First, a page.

I have been back and forth trying to decide whether or not I should post this article and I have decided to do it. Up until now, I have been an extremely self-conscious person- always caring for myself unconditionally. I think it is crucially important to be so self-aware that you don’t need stress about the worrying thought of being seen as selfish or self-centered.
A very good friend of mine recently reassured me with some life changing advice, he said: When was the last time you did something which benefitted yourself disregarding others?
I had no clue what to say. What do you mean? I told him I genuinely cannot remember an instance in which I disregarded somebody else’s feelings over my own… And then he followed up with: When was the last time you put somebody else’s feelings above your own? Being hit with the words was like a kick in the teeth- in a good way. I thought to myself- loads of times!
The amount of times I had put another’s feelings above my own, well, it’s too much to count. And that’s what part of being a feminist, to me is. Knowing where you stand, and what the difference is between being selfish in a good way, and being self-centered… I’ll tell you how I began this discovery.
As a child, I was very anxious. I had (what I now were) panic attacks multiple times every day; I didn’t know my worth or where the hell I stood. Teachers towered above me, and old people yelled at me, and it built up inside me to create the person I am today. Up until the age of, I’d say, 16, I never would have put myself on the same pedestal as many people that I know. This is when I realised that my rights were there and that they belonged to me. Being a human comes with rights and responsibilities- and I have the right as a human to access those just as much as anybody else does.
The right to stand up for myself as a human. The right to say NO and not feel obliged to explain why. The right to wear what the hell I want. The right to be sexually liberated. The right to identify anywhere along the gender spectrum. The right to protect myself. The right to non-harmful free speech. The list goes on!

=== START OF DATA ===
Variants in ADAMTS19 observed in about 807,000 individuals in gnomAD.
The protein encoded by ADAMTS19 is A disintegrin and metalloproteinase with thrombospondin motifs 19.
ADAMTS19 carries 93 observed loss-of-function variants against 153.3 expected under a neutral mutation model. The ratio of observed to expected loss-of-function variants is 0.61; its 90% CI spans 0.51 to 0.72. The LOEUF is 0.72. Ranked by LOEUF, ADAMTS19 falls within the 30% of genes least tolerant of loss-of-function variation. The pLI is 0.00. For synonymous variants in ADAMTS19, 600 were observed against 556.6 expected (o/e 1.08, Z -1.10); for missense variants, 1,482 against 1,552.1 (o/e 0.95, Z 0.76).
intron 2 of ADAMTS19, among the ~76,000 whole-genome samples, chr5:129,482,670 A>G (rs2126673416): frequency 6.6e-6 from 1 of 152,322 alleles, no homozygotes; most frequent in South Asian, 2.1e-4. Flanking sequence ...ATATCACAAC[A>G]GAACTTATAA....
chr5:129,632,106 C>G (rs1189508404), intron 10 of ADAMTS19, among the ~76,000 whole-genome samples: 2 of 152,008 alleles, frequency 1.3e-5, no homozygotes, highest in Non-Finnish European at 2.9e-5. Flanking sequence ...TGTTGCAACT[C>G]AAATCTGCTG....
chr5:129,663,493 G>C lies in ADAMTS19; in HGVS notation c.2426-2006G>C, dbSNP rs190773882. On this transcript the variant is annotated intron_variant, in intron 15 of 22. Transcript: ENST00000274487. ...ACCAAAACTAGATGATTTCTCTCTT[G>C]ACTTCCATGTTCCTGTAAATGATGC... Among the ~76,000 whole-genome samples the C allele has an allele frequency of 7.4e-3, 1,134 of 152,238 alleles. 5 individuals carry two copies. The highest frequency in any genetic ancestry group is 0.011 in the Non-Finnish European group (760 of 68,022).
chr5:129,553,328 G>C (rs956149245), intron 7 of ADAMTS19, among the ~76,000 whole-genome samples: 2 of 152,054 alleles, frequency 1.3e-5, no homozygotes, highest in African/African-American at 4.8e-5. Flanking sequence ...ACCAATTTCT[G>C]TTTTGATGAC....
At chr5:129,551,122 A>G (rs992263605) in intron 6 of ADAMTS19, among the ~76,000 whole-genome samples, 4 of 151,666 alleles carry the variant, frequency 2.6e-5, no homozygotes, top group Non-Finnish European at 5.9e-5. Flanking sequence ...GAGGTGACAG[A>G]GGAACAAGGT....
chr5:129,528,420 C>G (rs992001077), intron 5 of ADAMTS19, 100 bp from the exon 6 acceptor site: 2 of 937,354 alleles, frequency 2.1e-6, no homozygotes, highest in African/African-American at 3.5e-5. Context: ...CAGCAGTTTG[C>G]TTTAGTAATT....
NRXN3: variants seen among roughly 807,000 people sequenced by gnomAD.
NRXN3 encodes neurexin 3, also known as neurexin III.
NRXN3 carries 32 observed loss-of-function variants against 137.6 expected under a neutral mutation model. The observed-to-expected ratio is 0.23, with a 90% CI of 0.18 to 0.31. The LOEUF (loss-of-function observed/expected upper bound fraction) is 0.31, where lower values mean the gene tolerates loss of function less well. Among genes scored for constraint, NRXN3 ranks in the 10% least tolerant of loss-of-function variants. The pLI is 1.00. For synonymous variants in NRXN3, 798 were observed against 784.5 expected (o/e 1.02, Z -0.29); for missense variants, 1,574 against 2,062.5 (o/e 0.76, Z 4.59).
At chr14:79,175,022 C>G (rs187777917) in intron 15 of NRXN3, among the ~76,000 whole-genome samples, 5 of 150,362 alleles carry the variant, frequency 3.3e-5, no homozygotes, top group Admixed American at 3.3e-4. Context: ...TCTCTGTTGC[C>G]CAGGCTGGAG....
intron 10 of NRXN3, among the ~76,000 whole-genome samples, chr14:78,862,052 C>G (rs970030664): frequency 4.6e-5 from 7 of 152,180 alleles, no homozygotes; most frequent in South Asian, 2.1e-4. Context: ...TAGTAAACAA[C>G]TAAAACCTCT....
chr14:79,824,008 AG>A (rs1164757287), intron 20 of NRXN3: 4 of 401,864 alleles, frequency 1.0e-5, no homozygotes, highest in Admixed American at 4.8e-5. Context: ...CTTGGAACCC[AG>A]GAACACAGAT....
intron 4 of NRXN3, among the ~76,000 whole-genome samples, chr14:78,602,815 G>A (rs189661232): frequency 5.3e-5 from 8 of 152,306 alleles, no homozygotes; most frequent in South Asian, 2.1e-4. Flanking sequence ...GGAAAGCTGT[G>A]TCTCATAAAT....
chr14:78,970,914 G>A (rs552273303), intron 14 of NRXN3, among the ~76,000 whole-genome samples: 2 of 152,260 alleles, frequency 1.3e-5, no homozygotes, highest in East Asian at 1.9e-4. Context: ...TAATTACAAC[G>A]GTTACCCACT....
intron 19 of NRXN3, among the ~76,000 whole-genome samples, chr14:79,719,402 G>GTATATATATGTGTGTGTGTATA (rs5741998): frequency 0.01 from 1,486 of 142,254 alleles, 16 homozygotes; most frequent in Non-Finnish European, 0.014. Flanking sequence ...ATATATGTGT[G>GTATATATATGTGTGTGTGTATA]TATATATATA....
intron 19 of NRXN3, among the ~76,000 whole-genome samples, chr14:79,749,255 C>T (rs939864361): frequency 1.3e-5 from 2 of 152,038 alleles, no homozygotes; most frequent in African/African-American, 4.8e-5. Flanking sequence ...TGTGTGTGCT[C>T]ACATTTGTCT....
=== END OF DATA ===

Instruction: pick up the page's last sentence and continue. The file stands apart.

You, as a person, reserve rights. You may be twelve, you might be fifty, you might be eighty- and the one thing that will never change is that as a human being on planet earth, you will always have your rights. Rights make us human.
And yet some don’t have them. So next time somebody asks you to lend them money and you don’t have it, kindly tell them no. The next time a person asks you to dinner and you aren’t interested, say no. Don’t go to ‘get a free dinner’, don’t go to ‘make them happy’ or ‘to get that promotion’- do what’s in your best interest. Don’t stay trapped in a relationship you don’t want. Don’t do it- you retain the right to be comfortable.
The sad thing is, most people don’t realise their worth…
You live your life doing what you’re told, or if you’re lucky what you’re ‘advised’ by everybody. You do what you ‘think’ you want, because you’ve only ever been presented with a binary of options: be a doctor, be a nurse, be a boy, be a girl, be an astronaut, be a scientist- but when do we choose? In 2016, just 57 percent world’s working-age women are in the labor force, compared to 70 percent of working-age men. Why? Gender stereotypes.
Britain’s recent jobs record has been remarkable. The economy is chugging along but the last time the unemployment rate was as low as it is today was in the winter of 1974-75. Harold Wilson was prime minister, Derby County were on course to win the old first division, David Bowie was about to release Young Americans. Times were ‘good’- but why are so many adults unemployed? Maybe their generation wasn’t so good at the whole ‘be yourself’ thing?
That’s not what I’m talking about today. We’re talking about rights, self-worth and self-love. Mixed into this, I have wanted to instil into you: It’s okay to say no!
The difference between selfishness and self care is staggering, and it’s okay to be confused about it. Self love is loving yourself, others, and being content in your body. Being content identifying as your gender. Being sexually and religiously liberated. Feeling confident and comfortable in yourself to say yes and no to things.
Some things come alongside self-love, too, that you wouldn’t expect. For example, my telephone skills are now phenomenal, I find myself accepting compliments all the time rather than denying them, I don’t allow clients to exploit me for my work, I stand up for myself when men make crude remarks towards me. I say no for lots more than I used to, and I don’t feel pressured to do anything. This has taken time, and the confidence has come from my journey as a young liberal feminist. And I love it, and I love me.